Systematic Review ARTICLE
Supervised Physical Training Enhances Muscle Strength but Not Muscle Mass in Prostate Cancer Patients Undergoing Androgen Deprivation Therapy: A Systematic Review and Meta-Analysis
- 1Department of Physical Education, Exercise, Health and Technology Centre, Shanghai Jiao Tong University, Shanghai, China
- 2The Key Laboratory of Systems Biomedicine, Ministry of Education, and The Exercise Translational Medicine Centre, Shanghai Center for Systems Biomedicine, Shanghai Jiao Tong University, Shanghai, China
- 3Department of Endocrinology, West China Hospital, Sichuan University, Chengdu, China
- 4Department of Urology, West China Hospital, Sichuan University, Chengdu, China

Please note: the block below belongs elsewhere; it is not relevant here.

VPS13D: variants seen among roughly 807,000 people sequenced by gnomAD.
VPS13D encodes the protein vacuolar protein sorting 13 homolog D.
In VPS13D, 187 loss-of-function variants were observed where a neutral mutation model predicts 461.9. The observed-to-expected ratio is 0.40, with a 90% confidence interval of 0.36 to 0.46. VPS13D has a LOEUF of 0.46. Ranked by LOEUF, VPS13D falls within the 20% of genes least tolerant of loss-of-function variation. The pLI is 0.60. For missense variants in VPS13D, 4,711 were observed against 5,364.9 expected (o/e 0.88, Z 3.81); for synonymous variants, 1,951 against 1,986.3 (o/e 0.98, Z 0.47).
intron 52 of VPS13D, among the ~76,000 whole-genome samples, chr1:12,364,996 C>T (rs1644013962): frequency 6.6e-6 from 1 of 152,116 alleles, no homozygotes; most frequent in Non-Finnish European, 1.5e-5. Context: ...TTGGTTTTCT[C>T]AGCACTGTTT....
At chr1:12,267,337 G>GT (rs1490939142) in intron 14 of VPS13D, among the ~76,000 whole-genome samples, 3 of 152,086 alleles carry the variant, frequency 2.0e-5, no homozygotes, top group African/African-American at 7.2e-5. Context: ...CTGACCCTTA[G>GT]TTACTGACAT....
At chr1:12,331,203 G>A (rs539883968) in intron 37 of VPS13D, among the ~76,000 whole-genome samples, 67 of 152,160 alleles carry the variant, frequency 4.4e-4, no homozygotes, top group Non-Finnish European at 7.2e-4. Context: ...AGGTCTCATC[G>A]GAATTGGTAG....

- 5Department of Molecular and Cellular Sport Medicine, Institute of Cardiovascular Research and Sport Medicine, German Sport University, Cologne, Germany
- 6Faculty of Sport and Health Sciences, University of Jyväskylä, Jyväskylä, Finland
Introduction: Androgen deprivation therapy (ADT) is considered the basic treatment for advanced prostate cancer, but it is highly associated with detrimental changes in muscle mass and muscle strength. The aim of this meta-analysis was to investigate the effects of supervised physical training on lean mass and muscle strength in prostate cancer patients undergoing ADT.
Methods: A systematic literature search was performed using MEDLINE, Embase, and ScienceDirect until October 2018. Only studies that examined both muscle mass and strength in prostate cancer patients undergoing ADT were included. Outcomes of interest were changes in lean body mass (surrogate for muscle mass) as well as upper and lower body muscle strength. The meta-analysis was performed with fixed-effects models to calculate mean differences between intervention and no-training control groups.